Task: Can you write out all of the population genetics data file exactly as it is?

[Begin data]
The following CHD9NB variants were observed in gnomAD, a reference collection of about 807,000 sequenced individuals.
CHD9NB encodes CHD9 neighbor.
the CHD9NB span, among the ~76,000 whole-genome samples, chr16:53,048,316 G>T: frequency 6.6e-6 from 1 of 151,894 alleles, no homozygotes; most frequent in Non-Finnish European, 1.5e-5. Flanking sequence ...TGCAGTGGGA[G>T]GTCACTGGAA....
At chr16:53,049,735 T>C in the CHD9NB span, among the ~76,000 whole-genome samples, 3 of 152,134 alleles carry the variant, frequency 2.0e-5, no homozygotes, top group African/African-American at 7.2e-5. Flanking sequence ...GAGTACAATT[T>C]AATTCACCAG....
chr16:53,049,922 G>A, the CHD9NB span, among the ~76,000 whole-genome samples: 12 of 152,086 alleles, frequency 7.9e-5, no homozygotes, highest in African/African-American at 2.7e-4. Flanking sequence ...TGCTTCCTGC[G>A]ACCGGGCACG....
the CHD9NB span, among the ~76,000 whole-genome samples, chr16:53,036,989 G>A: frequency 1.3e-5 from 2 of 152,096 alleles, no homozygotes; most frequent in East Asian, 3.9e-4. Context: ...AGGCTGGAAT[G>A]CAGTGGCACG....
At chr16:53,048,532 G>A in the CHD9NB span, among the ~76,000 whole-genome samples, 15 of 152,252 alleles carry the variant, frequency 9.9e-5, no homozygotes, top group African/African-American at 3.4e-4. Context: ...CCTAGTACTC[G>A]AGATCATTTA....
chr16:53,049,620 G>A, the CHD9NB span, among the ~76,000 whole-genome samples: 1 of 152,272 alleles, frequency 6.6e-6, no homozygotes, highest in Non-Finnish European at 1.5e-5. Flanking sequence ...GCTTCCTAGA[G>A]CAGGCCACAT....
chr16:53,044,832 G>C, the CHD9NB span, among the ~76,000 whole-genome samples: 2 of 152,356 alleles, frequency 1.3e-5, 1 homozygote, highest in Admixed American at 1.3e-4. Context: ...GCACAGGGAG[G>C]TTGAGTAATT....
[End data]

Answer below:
The following CHD9NB variants were observed in gnomAD, a reference collection of about 807,000 sequenced individuals.
CHD9NB encodes CHD9 neighbor.
the CHD9NB span, among the ~76,000 whole-genome samples, chr16:53,048,316 G>T: frequency 6.6e-6 from 1 of 151,894 alleles, no homozygotes; most frequent in Non-Finnish European, 1.5e-5. Flanking sequence ...TGCAGTGGGA[G>T]GTCACTGGAA....
At chr16:53,049,735 T>C in the CHD9NB span, among the ~76,000 whole-genome samples, 3 of 152,134 alleles carry the variant, frequency 2.0e-5, no homozygotes, top group African/African-American at 7.2e-5. Flanking sequence ...GAGTACAATT[T>C]AATTCACCAG....
chr16:53,049,922 G>A, the CHD9NB span, among the ~76,000 whole-genome samples: 12 of 152,086 alleles, frequency 7.9e-5, no homozygotes, highest in African/African-American at 2.7e-4. Flanking sequence ...TGCTTCCTGC[G>A]ACCGGGCACG....
the CHD9NB span, among the ~76,000 whole-genome samples, chr16:53,036,989 G>A: frequency 1.3e-5 from 2 of 152,096 alleles, no homozygotes; most frequent in East Asian, 3.9e-4. Context: ...AGGCTGGAAT[G>A]CAGTGGCACG....
At chr16:53,048,532 G>A in the CHD9NB span, among the ~76,000 whole-genome samples, 15 of 152,252 alleles carry the variant, frequency 9.9e-5, no homozygotes, top group African/African-American at 3.4e-4. Context: ...CCTAGTACTC[G>A]AGATCATTTA....
chr16:53,049,620 G>A, the CHD9NB span, among the ~76,000 whole-genome samples: 1 of 152,272 alleles, frequency 6.6e-6, no homozygotes, highest in Non-Finnish European at 1.5e-5. Flanking sequence ...GCTTCCTAGA[G>A]CAGGCCACAT....
chr16:53,044,832 G>C, the CHD9NB span, among the ~76,000 whole-genome samples: 2 of 152,356 alleles, frequency 1.3e-5, 1 homozygote, highest in Admixed American at 1.3e-4. Context: ...GCACAGGGAG[G>C]TTGAGTAATT....